Today’s post is from Jennifer Lawler, acquisitions editor/imprint manager for Crimson Romance, launching in June 2012. If you’re interested in finding out more about writing for Crimson Romance, read these submission guidelines. Follow Crimson Romance on Facebook and on Pinterest.
When I told my friends and colleagues that I had been asked to launch and manage Crimson Romance, the new romance ebook imprint from Adams Media, I was immediately deluged with emails that said something like, “That sounds like so much fun! I’d love to try my hand at writing a romance!”
It is fun writing romance (in addition to editing the Crimson Romance line, I also write romances under a pen name). But it’s also a lot harder than it looks. Want to give it a try?
Here are some tips for making sure you don’t make newbie mistakes:
1. Read in the genre. If your last recollection of reading a romance was thumbing through your mother’s copy of The Flame and The Flower, you need to update your knowledge. Contemporary romance is full of smart, kickass heroines who don’t put up with heroes who manhandle them. Reading in the genre will also help you see the huge variety of stories you can portray on this canvas – paranormal, historical, erotic, suspense, just for starters – with all kinds of characters, settings, themes, and conflicts.
2. Include a plot that isn’t the romance. The romance between your heroine and hero is the focus of the book, but something else has to be going on. For example, the heroine is trying to keep the ranch from being sold, while the hero is trying to find the escaped convict. Essentially, you have the narrative arc of the plot, and the narrative arc of the romance, and they must both reach a satisfying conclusion at about the same time. That’s a lot harder than it looks.
3. Understand basic romance conventions. People who don’t read and write in the genre often think romance = love story, but that’s only part of the picture. Romance actually = happily ever after. You may have a great story but if the hero dies at the end, sorry, it isn’t romance. By the same token, writers sometimes let the main plot of the book overshadow the romance. When that happens, you might have a mystery with romantic elements, but you don’t have a romance. Gone are the days when all romance heroines had to be beautiful 18-year-old virgins, but readers do expect to like the heroine and love the hero. They expect to meet the two main characters early in the book. And so on. Learning genre conventions requires more than reading romance novels, though. It also requires thinking critically about what you’ve read, what the books have in common, and why that might appeal to readers.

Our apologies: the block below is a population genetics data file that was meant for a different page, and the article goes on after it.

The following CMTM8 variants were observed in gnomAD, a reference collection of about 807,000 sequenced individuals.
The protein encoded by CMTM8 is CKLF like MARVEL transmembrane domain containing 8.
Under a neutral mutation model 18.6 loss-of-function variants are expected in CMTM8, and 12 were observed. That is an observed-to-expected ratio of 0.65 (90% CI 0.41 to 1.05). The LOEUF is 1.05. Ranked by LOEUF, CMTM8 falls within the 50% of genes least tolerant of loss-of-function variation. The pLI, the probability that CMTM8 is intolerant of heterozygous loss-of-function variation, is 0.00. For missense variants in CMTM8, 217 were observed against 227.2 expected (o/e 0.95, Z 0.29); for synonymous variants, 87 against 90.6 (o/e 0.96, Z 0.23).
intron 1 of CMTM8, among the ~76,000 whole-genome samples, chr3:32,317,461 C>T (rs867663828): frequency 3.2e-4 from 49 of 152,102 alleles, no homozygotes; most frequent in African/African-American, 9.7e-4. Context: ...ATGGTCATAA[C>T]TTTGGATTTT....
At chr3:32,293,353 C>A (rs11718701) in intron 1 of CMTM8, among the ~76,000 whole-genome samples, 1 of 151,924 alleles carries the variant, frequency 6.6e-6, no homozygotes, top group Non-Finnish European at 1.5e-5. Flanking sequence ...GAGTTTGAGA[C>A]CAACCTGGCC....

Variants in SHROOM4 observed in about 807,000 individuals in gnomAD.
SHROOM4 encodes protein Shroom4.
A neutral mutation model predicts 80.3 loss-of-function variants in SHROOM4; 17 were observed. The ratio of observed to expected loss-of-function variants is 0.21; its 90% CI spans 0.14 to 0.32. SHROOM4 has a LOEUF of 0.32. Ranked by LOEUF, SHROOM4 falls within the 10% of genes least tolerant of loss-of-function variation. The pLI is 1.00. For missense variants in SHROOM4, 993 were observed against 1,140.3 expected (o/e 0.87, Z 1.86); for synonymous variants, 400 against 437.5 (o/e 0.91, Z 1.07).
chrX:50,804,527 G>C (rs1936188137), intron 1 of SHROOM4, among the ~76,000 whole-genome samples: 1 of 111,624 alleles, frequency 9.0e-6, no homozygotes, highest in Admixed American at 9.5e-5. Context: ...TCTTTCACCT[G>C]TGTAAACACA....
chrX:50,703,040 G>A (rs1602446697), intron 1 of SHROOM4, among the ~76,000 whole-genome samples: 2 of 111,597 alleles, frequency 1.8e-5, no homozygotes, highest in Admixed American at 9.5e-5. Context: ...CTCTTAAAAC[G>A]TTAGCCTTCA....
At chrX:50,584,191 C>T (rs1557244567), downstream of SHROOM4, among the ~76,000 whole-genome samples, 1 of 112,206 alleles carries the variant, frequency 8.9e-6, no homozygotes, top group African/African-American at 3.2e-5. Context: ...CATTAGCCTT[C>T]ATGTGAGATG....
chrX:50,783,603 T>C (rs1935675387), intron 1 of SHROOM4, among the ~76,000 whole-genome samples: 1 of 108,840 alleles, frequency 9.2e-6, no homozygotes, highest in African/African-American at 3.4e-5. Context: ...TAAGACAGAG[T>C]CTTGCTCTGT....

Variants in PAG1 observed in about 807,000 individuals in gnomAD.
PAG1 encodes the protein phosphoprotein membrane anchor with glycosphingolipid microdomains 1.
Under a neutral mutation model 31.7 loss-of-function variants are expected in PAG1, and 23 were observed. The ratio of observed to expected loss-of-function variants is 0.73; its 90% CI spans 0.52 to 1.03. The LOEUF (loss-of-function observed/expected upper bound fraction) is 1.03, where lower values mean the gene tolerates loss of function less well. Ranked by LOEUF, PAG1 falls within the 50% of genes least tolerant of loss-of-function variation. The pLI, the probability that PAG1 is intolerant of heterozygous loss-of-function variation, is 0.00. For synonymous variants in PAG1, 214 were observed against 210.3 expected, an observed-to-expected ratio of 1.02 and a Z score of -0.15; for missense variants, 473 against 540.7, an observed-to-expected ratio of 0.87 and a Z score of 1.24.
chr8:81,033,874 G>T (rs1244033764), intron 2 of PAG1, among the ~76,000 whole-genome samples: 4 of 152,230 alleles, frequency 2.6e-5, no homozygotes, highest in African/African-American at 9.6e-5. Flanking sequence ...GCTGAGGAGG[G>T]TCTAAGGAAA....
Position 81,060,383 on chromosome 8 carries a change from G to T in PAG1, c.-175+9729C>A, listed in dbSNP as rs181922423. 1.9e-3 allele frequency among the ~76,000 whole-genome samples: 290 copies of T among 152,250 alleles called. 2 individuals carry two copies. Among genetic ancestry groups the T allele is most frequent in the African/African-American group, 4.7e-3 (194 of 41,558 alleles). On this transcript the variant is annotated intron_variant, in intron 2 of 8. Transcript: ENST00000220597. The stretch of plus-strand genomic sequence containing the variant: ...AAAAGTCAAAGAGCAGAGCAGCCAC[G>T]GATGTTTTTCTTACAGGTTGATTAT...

4. Focus on motivation and conflict. Characters have to act in ways that make sense based on who they are and the situations they find themselves in. That is to say, their motivations must be clear – readers must know what their goals are and why they want to reach them. When goals conflict, it creates the pivotal tension of the story. (Conflict – and how it’s resolved – is what keeps readers turning the pages.) In a romance, the hero and heroine are in conflict because of their goals. Readers know the story is going to end happily ever after. What they want to know is how you’re going to manage that!
5. Let the sensuality shine. If the thought of writing a sex scene makes you burst into laughter, the solution isn’t to write romances where the main characters do nothing more than kiss. The solution is to figure out how to write about sensuality in a way that doesn’t make you laugh at your own efforts. Readers want to feel the sexual attraction and romantic tension build throughout a romance, even in very chaste romances. Learning how to portray attraction and sexuality in a believable way requires a certain amount of practice. And research is definitely encouraged!
Any WordCount readers write romance fiction? I’d love to hear about it. Please share your experiences in a comment. Thanks!